Make them a priority. Create memories with your wife and children. Book a cruise, a beach holiday or simply watch a movie together at the theatre.
On a budget? Board games, sports, hiking or other simple family activities work great. Your kids just want to be with you. What you do almost doesn’t matter.
4. Take an active interest in their interests
Guess what? I’m not a huge Katie Perry fan. But you know how many times I’ve heard her music? It’s well into the hundreds.
I also took my oldest daughter to see Panic! at the Disco in concert with one of her BFFs. Not exactly my scene (but I actually was impressed).
When you take an interest in your kid’s interests, you’re taking an interest in them. You’re telling them you care about them as a person.
Nothing feels better to a kid than that!
5. Let kids develop their own interests
When I was 10 guess what? I liked a lot of different stuff than what my Mom liked. And that’s OK.
It’s OK to influence our kid’s taste (that’s why I kept playing Star Wars movies until they clicked).
But we have to accept that our kids are going to not like everything we like.
They will like some stuff we don’t and that’s OK (as long as what they like is age appropriate)
6. Don’t have a different set of rules for your kids than you do for yourself
No one likes a hypocrite, so why should our kids be any different?
Mean what you say and say what you mean.
Example: In our house, Sunday is “technology free day”, so my wife and I do our best to avoid technology for personal use as well.
7. Model the behavior you expect from them
Don’t want them swearing at school? Guess what you shouldn’t do in front of them?
Want to teach your sons to be respectful to women? They will model how you treat their mother.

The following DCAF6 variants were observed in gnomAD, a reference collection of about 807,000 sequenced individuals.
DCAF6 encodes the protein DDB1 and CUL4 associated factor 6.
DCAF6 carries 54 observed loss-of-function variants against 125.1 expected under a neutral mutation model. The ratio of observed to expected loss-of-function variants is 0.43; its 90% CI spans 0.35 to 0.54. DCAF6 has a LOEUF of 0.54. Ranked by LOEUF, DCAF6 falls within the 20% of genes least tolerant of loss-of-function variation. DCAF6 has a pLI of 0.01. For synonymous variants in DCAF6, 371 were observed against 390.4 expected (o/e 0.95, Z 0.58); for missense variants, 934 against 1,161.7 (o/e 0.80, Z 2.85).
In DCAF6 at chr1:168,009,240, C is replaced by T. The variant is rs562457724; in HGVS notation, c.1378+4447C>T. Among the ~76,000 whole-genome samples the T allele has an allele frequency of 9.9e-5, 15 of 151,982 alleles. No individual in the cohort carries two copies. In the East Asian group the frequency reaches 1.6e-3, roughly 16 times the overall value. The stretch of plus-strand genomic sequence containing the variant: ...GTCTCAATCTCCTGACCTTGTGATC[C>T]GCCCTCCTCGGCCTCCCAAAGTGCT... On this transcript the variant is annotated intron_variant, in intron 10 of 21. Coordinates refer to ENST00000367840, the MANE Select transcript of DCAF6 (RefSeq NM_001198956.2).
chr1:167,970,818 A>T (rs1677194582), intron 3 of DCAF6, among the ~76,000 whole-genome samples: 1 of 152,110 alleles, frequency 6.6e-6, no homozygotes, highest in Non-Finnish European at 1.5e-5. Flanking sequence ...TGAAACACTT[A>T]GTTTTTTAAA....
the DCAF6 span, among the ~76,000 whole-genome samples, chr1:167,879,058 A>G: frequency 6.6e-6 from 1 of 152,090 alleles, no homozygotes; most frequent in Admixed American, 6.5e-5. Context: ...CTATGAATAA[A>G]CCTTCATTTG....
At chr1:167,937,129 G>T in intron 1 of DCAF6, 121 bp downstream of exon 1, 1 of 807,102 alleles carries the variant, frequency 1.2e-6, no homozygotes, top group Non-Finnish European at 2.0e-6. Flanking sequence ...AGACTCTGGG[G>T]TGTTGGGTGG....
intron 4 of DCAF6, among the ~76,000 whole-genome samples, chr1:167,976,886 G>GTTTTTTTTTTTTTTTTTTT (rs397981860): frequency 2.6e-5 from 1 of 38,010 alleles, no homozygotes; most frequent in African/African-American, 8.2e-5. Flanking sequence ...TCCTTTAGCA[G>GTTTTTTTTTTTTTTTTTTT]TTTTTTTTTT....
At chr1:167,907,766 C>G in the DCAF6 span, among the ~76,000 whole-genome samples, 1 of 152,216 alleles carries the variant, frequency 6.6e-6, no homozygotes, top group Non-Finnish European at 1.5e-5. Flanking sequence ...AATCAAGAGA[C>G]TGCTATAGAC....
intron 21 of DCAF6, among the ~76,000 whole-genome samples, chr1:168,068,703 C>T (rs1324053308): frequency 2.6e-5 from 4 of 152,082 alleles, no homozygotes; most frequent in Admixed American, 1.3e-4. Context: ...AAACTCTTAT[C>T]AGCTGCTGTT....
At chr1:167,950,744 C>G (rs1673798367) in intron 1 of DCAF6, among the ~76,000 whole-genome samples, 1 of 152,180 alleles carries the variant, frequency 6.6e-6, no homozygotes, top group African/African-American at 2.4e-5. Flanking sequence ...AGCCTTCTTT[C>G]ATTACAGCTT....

Lose your cool every time someone cuts you off in traffic? You’re teaching them to be impatient and hot-headed.
The qualities of a good father have to include you leading by example.
8. Explain to them the “why” behind the rule
How many times have parents said “because I said so” or “because I’m your father”.
Guess what? Those aren’t reasons (at least not good ones).
It’s crucial that kids understand why they are being grounded. Why a privilege is being taken away or even why they can’t watch Saw III.
As Dave Ramsey is fond of saying, “to be clear is to be kind”.
When they understand, they will be more apt to accept it. They’ll be less apt to do it again (if they were doing something wrong). And (perhaps most importantly) they will respect you more for taking the time to explain yourself and not just pull rank.
9. Give yourself a timeout when needed
When we talk to our kids in the heat of the moment we aren’t always in the best frame of mind to deal with them.
There’s NOTHING wrong with waiting to have a conversation until you are in the frame of mind to communicate effectively.
Talking to them when we are angry at best makes them yell back.
Then it escalates the whole thing.
Neither is actually listening to the other and instead just waiting their turn to talk (or yell). At worst, it teaches our kids to be scared of us and being scared of our parents is one of the worst feelings we can have.
Being a “do as I say, not as I do” parent has no place in your description of a good father.
Want to know the 2 Best Selling Parenting Books available on Amazon Prime?
There is How Children Succeed: Grit, Curiosity, and the Hidden Power of Character by Paul Tough. This book has almost 5 stars and 900 reviews.
This book covers “Drawing on groundbreaking research in neuroscience, economics, and psychology, Tough shows that the qualities that matter most have less to do with IQ and more to do with character: skills like grit, curiosity, conscientiousness, and optimism.”
Then there is also The Whole-Brain Child: 12 Revolutionary Strategies to Nurture Your Child’s Developing Mind by Daniel J. Siegel & Tina Payne Bryson.
“In this pioneering, practical book, Daniel J. Siegel, neuropsychiatrist and author of the best-selling Mindsight, and parenting expert Tina Payne Bryson demystify the meltdowns and aggravation, explaining the new science of how a child’s brain is wired and how it matures.”
This book also features upwards of 5 stars and over 800 reviews so you know both of these are excellent books.